According to the AR mutation database, this is a known mutation which has been proved to be associated with AIS. Different mutations in the AR can lead to different clinical phenotypes. Saunders et al.[9] have found this particular mutation to be associated with PAIS while Kazemi-Esfarjani et al.[10] have found that it was associated with CAIS, consistent with our result. According to the co-segregation analysis, the proband's mother and sister carried heterozygous AR mutations, indicating that the proband was likely to be derived from the mother because AIS was transmitted in an X-linked recessive fashion. In addition, analysis of 200 control subjects did not identify the same mutation. Therefore, we think it must be a pathogenic mutation for the proband. However, the definite conclusion needs to be validated in the future study of the functional experiment.

In conclusion, we describe a case of AIS in a Chinese family caused by a homozygous mutation of the AR. To our knowledge, this is the first report of this missense mutation (p.V867M) in the Chinese Han population. Our study will be helpful in understanding the molecular genetics of AIS. Furthermore, these findings also provide an important basis for prenatal diagnosis to guide the fertility. At the same time, functional assays on mutations in the AR will be helpful for understanding structural-functional relationships in the AR.


  Author contributions Top


SGL and FYC conceived the study, participated in its design and guided drafting of the manuscript. LL and WML participated in statistical analysis and drafted the manuscript. MXL, JXZ, and SQZ were responsible for the clinical diagnosis and clinical phenotype analysis. All authors have read and approved the final manuscript.


  Competing interests Top


All authors declare no competing financial interests.


  Acknowledgments Top


This work was supported by the National Natural Science Foundation of China (30971586), the Shandong Provincial Natural Science Foundation (ZR2009CM094), and the Shandong Province from Fund of Natural Research Joint Special (ZR2012CL10), China. We thank all the probands for their participation.

 
  References Top

1.
Nezzo M, De Visschere P, T'Sjoen G, Weyers S, Villeirs G. Role of imaging in the diagnosis and management of complete androgen insensitivity syndrome in adults. Case Rep Radiol 2013; 2013: 158484.  Back to cited text no. 1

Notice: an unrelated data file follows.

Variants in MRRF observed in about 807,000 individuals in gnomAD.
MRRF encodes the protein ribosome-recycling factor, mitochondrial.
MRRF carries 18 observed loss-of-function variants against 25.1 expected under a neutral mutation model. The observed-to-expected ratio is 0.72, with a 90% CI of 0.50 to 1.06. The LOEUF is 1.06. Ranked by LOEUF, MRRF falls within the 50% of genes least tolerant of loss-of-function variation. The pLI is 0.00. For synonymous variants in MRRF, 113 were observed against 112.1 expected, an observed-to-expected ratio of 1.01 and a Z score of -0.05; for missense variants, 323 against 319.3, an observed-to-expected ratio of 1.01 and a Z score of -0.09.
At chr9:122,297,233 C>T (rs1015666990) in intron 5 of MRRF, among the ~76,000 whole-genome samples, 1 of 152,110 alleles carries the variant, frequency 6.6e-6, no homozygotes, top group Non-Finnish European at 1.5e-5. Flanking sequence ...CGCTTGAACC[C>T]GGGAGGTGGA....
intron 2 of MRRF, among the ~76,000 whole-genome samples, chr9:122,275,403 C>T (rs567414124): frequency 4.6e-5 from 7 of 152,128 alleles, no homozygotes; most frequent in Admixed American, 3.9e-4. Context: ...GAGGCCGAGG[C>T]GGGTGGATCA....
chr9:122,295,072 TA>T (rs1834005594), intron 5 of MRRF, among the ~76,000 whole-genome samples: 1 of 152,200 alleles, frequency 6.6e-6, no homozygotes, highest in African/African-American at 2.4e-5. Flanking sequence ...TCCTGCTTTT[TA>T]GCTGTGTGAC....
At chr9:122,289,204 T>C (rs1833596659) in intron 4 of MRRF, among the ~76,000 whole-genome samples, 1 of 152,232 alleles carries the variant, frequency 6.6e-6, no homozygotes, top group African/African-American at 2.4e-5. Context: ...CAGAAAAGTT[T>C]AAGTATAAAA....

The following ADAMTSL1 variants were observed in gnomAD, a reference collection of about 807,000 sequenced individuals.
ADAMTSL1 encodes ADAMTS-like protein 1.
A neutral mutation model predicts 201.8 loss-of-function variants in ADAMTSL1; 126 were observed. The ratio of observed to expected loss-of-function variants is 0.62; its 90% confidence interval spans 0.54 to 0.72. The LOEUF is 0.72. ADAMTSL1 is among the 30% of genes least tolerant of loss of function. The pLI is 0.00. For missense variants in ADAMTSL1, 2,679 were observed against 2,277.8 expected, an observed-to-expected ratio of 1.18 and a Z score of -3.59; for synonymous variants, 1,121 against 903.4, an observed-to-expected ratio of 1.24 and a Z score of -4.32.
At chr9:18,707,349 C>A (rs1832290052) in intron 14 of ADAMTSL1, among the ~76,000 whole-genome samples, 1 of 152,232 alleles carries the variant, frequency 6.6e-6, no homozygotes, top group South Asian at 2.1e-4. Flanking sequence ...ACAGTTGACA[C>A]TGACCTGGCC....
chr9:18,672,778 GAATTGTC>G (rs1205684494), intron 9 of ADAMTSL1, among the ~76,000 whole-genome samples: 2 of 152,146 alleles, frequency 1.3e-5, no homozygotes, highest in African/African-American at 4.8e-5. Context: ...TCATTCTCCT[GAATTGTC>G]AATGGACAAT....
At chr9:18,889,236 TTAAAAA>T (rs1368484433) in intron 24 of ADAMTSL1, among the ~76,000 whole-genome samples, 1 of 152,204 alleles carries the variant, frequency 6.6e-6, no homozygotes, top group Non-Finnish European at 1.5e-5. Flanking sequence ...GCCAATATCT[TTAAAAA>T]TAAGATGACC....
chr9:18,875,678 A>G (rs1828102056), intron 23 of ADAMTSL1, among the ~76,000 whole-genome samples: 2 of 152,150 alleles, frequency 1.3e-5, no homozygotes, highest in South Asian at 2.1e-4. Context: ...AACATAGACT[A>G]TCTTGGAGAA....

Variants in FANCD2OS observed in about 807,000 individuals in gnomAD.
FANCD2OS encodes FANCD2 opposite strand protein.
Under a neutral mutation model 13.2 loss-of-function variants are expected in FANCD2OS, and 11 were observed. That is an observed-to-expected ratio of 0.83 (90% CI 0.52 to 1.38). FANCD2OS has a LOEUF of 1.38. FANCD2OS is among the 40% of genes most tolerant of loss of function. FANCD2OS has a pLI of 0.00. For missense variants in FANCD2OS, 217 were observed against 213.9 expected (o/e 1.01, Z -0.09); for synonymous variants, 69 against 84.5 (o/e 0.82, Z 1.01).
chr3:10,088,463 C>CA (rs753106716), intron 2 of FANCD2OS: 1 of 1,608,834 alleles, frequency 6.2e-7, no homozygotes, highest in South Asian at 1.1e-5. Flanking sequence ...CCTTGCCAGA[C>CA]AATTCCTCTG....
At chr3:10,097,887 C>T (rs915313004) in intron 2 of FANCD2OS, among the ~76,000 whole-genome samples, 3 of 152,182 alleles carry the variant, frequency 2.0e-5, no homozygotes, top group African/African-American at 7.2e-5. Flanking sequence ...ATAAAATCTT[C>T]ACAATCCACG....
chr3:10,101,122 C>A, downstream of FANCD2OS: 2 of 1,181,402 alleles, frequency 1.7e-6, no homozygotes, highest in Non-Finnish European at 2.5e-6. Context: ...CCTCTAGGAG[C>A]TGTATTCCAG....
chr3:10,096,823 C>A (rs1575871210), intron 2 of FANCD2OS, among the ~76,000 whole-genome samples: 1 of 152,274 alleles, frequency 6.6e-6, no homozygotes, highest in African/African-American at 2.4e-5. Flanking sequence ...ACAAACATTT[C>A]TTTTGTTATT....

2.
Verim L. Complete androgen insensitivity syndrome in three sisters. Int J Fertil Steril 2014; 7: 353-6.  Back to cited text no. 2
    
3.
Trapman J, Klaassen P, Kuiper GG, van der Korput JA, Faber PW, et al. Cloning, structure and expression of a cDNA encoding the human androgen receptor. Biochem Biophys Res Commun 1988; 153: 241-8.  Back to cited text no. 3
    
4.
Migeon BR, Brown TR, Axelman J, Migeon CJ. Studies of the locus for androgen receptor: localization on the human X chromosome and evidence for homology with the Tfm locus in the mouse. Proc Natl Acad Sci U S A 1981; 78: 6339-43.  Back to cited text no. 4
    
5.
Brinkmann AO. Molecular basis of androgen insensitivity. Mol Cell Endocrinol 2011; 179: 105-9.  Back to cited text no. 5
    
6.
Mazen I, Soliman H, El-Gammal M, Torky A, Mekkawy M, et al. A novel mutation (c. 2735_2736delTC) in the androgen receptor gene in 46, XY females with complete androgen insensitivity syndrome in an Egyptian family. Horm Res Paediatr 2014; 82: 411-4.  Back to cited text no. 6
    
7.
Rajender S, Pooja S, Gupta NJ, Chakrabarty B, Singh L, et al. G708E mutation in the androgen receptor results in complete loss of androgen function. J Androl 2011; 32: 193-8.  Back to cited text no. 7
    
8.
Saporita AJ, Zhang Q, Navai N, Dincer Z, Hahn J, et al. Identification and characterization of a ligand-regulated nuclear export signal in androgen receptor. J Biol Chem 2003; 278: 41998-2005.  Back to cited text no. 8
    
9.
Saunders PT, Padayachi T, Tincello DG, Shalet SM, Wu FC. Point mutations detected in the androgen receptor gene of three men with partial androgen insensitivity syndrome. Clin Endocrinol (Oxf) 1992; 37: 214-20.  Back to cited text no. 9
    
10.
Kazemi-Esfarjani P, Beitel LK, Trifiro M, Kaufman M, Rennie P, et al. Substitution of valine-865 by methionine or leucine in the human androgen receptor causes complete or partial androgen insensitivity, respectively with distinct androgen receptor phenotypes. Mol Endocrinol 1993; 7: 37-46.  Back to cited text no. 10